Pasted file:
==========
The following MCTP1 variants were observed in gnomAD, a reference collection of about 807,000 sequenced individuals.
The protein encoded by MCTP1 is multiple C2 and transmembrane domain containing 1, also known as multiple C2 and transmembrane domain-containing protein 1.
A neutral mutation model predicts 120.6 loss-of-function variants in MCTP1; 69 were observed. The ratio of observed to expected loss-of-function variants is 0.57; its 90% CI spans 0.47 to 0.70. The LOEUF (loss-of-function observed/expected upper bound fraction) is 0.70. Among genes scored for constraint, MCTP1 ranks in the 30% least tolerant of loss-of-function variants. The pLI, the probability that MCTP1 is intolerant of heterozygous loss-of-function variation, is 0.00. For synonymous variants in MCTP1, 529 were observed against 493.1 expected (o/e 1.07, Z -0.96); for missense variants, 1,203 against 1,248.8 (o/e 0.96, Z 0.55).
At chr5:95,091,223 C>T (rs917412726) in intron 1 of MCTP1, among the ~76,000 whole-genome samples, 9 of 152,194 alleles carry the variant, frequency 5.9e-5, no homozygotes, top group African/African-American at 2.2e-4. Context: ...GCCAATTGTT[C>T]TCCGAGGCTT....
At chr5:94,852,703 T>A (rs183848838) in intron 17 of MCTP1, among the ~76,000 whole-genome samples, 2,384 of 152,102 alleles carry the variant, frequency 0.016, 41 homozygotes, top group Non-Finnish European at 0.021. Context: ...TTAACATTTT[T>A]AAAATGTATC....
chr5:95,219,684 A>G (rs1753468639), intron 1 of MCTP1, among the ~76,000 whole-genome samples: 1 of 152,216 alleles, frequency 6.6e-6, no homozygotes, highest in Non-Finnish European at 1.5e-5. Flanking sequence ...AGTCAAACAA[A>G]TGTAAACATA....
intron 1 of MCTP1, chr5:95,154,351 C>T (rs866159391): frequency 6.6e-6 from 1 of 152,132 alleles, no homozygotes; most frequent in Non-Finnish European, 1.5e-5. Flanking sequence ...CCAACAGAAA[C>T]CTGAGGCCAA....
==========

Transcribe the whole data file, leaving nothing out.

The following MCTP1 variants were observed in gnomAD, a reference collection of about 807,000 sequenced individuals.
The protein encoded by MCTP1 is multiple C2 and transmembrane domain containing 1, also known as multiple C2 and transmembrane domain-containing protein 1.
A neutral mutation model predicts 120.6 loss-of-function variants in MCTP1; 69 were observed. The ratio of observed to expected loss-of-function variants is 0.57; its 90% CI spans 0.47 to 0.70. The LOEUF (loss-of-function observed/expected upper bound fraction) is 0.70. Among genes scored for constraint, MCTP1 ranks in the 30% least tolerant of loss-of-function variants. The pLI, the probability that MCTP1 is intolerant of heterozygous loss-of-function variation, is 0.00. For synonymous variants in MCTP1, 529 were observed against 493.1 expected (o/e 1.07, Z -0.96); for missense variants, 1,203 against 1,248.8 (o/e 0.96, Z 0.55).
At chr5:95,091,223 C>T (rs917412726) in intron 1 of MCTP1, among the ~76,000 whole-genome samples, 9 of 152,194 alleles carry the variant, frequency 5.9e-5, no homozygotes, top group African/African-American at 2.2e-4. Context: ...GCCAATTGTT[C>T]TCCGAGGCTT....
At chr5:94,852,703 T>A (rs183848838) in intron 17 of MCTP1, among the ~76,000 whole-genome samples, 2,384 of 152,102 alleles carry the variant, frequency 0.016, 41 homozygotes, top group Non-Finnish European at 0.021. Context: ...TTAACATTTT[T>A]AAAATGTATC....
chr5:95,219,684 A>G (rs1753468639), intron 1 of MCTP1, among the ~76,000 whole-genome samples: 1 of 152,216 alleles, frequency 6.6e-6, no homozygotes, highest in Non-Finnish European at 1.5e-5. Flanking sequence ...AGTCAAACAA[A>G]TGTAAACATA....
intron 1 of MCTP1, chr5:95,154,351 C>T (rs866159391): frequency 6.6e-6 from 1 of 152,132 alleles, no homozygotes; most frequent in Non-Finnish European, 1.5e-5. Flanking sequence ...CCAACAGAAA[C>T]CTGAGGCCAA....